Books 30 Dec 2007 09:55 am
- Yesterday, we went to the Jewish Museum on the upper East Side of Manhattan to see the exhibit of William Steig‘s works. Unfortunately, like most other New York buildings, (pictured on the left) there’s a scaffold surrounding the museum, with some kind of construction going on. On Saturdays, entrance is free, so you’ll note the long line to enter. Within, there’s an overly cautious search of your property to make sure you’re not trying to sneak in with a bomb.
On display were many of his original cartoons as well as original color illustrations for the many children’s books he wrote and illustrated. The exhibit included a lot of roughs as well as dummy copies of several books – including Doctor DeSoto.
They dressed up several rooms with wall-sized images from the books as well as copies of the books to view, and there were people with kids strewn about the floor.
I’m sorry it didn’t occur while Steig was still alive. When I first got out of the Navy in 1970, I came upon a small exhibit of his New Yorker cartoons at a rare-book seller’s shop (no longer there.) I was so taken by the drawings that I used all my money at the time, $75.00, to buy the least expensive (and my favorite) one of the pictures. Years later when I told him about the drawing I’d bought, he knew exactly which one it was. He said that’s the only picture bought at that show.
At the Jewish Museum, I learned early on that I wasn’t allowed to photograph the pictures. I still took a few pictures on the sly and have tried to clean them up for this post.
“Are we too early?”
An early New Yorker cartoon drawn before the arrival of
William Shawn as editor of the magazine.
There were a number of Steig’s black & white drawings from his books, The Lonely Ones and Small Fry. These were originally collections of New Yorker cartoons.
The Lonely Ones cartoons reflect the influence of Wilhelm Reich and his unusal psychoterapy. Steig was an ardent follower, and the “Orgone box” appears in many of the illustrations or as subtext to many of the children’s books.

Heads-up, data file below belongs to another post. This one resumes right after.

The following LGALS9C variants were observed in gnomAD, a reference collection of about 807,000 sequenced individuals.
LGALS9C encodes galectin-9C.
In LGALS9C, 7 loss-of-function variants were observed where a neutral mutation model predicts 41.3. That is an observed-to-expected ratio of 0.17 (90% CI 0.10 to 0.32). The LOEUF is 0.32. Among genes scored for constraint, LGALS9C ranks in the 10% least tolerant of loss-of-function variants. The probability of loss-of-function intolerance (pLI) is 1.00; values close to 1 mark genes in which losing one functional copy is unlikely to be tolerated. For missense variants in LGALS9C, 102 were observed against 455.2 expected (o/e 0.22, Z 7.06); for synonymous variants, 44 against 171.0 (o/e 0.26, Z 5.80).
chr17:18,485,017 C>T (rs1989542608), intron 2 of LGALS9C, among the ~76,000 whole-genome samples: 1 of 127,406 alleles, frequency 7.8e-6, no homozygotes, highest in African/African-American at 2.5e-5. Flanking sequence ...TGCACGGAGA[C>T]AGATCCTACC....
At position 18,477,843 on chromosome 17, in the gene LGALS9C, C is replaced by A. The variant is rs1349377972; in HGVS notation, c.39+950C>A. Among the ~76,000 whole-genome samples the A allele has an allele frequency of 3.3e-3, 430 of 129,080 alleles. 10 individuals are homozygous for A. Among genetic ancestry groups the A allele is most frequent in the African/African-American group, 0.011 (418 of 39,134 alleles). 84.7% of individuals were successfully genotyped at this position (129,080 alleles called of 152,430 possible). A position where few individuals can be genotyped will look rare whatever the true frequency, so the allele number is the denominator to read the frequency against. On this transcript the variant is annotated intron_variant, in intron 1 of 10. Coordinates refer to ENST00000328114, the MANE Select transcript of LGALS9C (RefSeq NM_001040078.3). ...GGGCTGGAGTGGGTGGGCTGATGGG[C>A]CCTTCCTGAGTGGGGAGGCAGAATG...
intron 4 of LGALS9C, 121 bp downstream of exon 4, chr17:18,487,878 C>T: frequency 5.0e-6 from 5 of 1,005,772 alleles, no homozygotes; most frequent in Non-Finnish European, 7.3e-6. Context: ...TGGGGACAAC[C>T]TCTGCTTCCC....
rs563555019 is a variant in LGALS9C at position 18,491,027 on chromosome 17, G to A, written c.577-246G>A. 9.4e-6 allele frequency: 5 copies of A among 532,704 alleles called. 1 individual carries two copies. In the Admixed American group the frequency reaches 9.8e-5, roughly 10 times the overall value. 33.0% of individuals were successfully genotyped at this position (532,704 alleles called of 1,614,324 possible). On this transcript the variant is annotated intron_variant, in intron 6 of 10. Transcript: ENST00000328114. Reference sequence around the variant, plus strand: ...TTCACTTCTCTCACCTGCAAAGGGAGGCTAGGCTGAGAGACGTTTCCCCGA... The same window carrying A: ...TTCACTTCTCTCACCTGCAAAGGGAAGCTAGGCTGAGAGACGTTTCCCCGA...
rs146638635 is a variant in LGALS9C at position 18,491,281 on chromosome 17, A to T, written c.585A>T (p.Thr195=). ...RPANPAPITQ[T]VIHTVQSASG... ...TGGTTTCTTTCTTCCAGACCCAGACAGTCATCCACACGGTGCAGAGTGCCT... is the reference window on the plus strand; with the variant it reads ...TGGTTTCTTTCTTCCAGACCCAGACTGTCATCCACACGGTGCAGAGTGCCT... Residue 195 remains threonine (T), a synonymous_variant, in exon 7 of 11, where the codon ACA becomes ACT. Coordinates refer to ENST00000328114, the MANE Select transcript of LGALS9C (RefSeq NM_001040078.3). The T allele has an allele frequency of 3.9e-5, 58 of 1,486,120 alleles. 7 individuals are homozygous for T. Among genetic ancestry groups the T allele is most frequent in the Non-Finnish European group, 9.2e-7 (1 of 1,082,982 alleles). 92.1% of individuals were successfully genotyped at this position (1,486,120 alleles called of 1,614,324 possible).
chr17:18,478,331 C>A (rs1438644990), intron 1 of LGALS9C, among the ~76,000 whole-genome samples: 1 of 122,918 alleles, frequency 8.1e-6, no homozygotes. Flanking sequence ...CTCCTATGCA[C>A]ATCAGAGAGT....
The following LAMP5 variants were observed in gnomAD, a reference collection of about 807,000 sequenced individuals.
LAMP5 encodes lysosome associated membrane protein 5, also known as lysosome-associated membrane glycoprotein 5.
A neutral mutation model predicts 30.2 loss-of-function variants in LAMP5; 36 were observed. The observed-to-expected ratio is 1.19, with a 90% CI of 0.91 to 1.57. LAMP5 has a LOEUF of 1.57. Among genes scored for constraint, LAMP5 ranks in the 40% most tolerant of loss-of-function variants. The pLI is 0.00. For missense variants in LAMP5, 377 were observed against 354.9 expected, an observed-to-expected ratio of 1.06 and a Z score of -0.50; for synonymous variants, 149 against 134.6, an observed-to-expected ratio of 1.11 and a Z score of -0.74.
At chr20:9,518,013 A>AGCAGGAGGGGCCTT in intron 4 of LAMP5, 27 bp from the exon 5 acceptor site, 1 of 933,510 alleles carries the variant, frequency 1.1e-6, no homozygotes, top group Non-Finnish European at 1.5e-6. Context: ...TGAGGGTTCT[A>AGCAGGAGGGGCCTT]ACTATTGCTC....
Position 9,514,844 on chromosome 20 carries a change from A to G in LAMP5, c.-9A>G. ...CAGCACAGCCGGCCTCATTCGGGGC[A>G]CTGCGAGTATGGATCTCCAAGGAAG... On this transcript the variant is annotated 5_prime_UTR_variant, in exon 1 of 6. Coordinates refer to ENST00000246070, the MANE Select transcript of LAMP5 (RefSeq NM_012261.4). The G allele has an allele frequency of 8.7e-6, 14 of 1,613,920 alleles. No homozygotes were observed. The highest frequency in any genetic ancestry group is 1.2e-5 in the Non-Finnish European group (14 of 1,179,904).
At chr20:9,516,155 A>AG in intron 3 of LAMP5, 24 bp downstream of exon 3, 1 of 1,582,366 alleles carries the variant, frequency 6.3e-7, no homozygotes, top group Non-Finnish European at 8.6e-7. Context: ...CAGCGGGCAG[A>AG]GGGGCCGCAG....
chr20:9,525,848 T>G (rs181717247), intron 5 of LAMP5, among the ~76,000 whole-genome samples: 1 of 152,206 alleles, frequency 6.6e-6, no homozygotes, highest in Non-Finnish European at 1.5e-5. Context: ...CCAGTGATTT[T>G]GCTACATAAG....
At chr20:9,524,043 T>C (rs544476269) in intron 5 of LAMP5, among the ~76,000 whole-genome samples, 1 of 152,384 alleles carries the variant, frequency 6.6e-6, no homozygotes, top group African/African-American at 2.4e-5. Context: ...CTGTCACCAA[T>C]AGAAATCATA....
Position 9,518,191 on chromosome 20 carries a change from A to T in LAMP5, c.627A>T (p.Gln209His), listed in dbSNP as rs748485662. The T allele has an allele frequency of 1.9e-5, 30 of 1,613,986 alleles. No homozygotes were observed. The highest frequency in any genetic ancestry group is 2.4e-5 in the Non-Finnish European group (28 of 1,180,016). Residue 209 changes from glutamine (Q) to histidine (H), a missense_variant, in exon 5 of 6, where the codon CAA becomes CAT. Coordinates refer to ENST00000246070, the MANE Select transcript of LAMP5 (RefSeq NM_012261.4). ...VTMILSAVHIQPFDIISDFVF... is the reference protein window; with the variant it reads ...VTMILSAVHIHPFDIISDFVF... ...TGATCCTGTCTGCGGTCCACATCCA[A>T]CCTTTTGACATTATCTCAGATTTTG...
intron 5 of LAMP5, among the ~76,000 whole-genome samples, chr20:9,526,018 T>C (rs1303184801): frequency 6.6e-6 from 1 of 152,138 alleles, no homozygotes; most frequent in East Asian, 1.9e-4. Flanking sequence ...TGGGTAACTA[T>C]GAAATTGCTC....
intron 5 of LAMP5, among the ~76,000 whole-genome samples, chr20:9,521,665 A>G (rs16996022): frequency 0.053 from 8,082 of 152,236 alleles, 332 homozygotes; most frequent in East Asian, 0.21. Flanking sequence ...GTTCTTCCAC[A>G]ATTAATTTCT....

In the first room you entered, there was a beautiful New Yorker image of many faces.
Later in the show, this image was enlarged to wall-size, and several of the faces opened
for kids who wanted to interact with the masks.
Many of his children’s books were well represented. Abel’s Island, above left, and
Sylvester and the Magic Pebble, above right, were shown. There were some excellent images from The Amazing Bone. (I almost thought I was looking at artwork from my film;
it was the exact same size.)
There were a couple of images from the stunningly beautiful book, Brave Irene. This is the one book I wish I could’ve animated.
The final room included a number of images from Steig’s book, Shrek. It isn’t one of my favorites of his books, but the paintings still are excellent. On a wall opposite were drawings and sketches by several of the Dreamworks artists and their versions of the character. A table in the center of the room displayed a couple of sculptures of the ugly character from the films.
It’s bad enough that the beautiful illustrations of Steig are trashed for the ugly repre-
sentations in those films, but to complete a retrospective of the man’s art with that left a bad taste in my mouth. Obviously, Dreamworks must have helped finance the exhibit. I didn’t take any more pictures in this final room.
The exhibit is attractive and it’s a good way to see Steig as an artist. The art is small, so if there’s a crowd there can be a small wait. However, it’s worth any troubles. There was a book, The Art of William Steig. It was Saturday, and the bookstore was closed, and I wasn’t able to buy one. Perhaps when I do, I’ll post more of the images from this show.